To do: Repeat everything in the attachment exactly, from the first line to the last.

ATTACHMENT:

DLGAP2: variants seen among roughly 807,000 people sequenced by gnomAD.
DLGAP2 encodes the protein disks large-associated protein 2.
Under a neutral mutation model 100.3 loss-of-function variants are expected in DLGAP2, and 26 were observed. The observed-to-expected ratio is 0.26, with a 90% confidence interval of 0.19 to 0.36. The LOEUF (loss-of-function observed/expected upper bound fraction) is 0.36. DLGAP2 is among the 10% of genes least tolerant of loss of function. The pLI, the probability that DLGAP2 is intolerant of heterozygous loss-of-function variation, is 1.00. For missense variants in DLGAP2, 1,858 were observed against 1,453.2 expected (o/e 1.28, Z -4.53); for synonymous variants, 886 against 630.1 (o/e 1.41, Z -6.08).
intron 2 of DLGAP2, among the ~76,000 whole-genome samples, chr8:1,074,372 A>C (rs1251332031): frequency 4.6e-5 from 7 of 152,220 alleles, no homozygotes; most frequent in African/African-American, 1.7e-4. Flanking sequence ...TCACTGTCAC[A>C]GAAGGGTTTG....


DLGAP2: variants seen among roughly 807,000 people sequenced by gnomAD.
DLGAP2 encodes the protein disks large-associated protein 2.
Under a neutral mutation model 100.3 loss-of-function variants are expected in DLGAP2, and 26 were observed. The observed-to-expected ratio is 0.26, with a 90% confidence interval of 0.19 to 0.36. The LOEUF (loss-of-function observed/expected upper bound fraction) is 0.36. DLGAP2 is among the 10% of genes least tolerant of loss of function. The pLI, the probability that DLGAP2 is intolerant of heterozygous loss-of-function variation, is 1.00. For missense variants in DLGAP2, 1,858 were observed against 1,453.2 expected (o/e 1.28, Z -4.53); for synonymous variants, 886 against 630.1 (o/e 1.41, Z -6.08).
intron 2 of DLGAP2, among the ~76,000 whole-genome samples, chr8:1,074,372 A>C (rs1251332031): frequency 4.6e-5 from 7 of 152,220 alleles, no homozygotes; most frequent in African/African-American, 1.7e-4. Flanking sequence ...TCACTGTCAC[A>C]GAAGGGTTTG....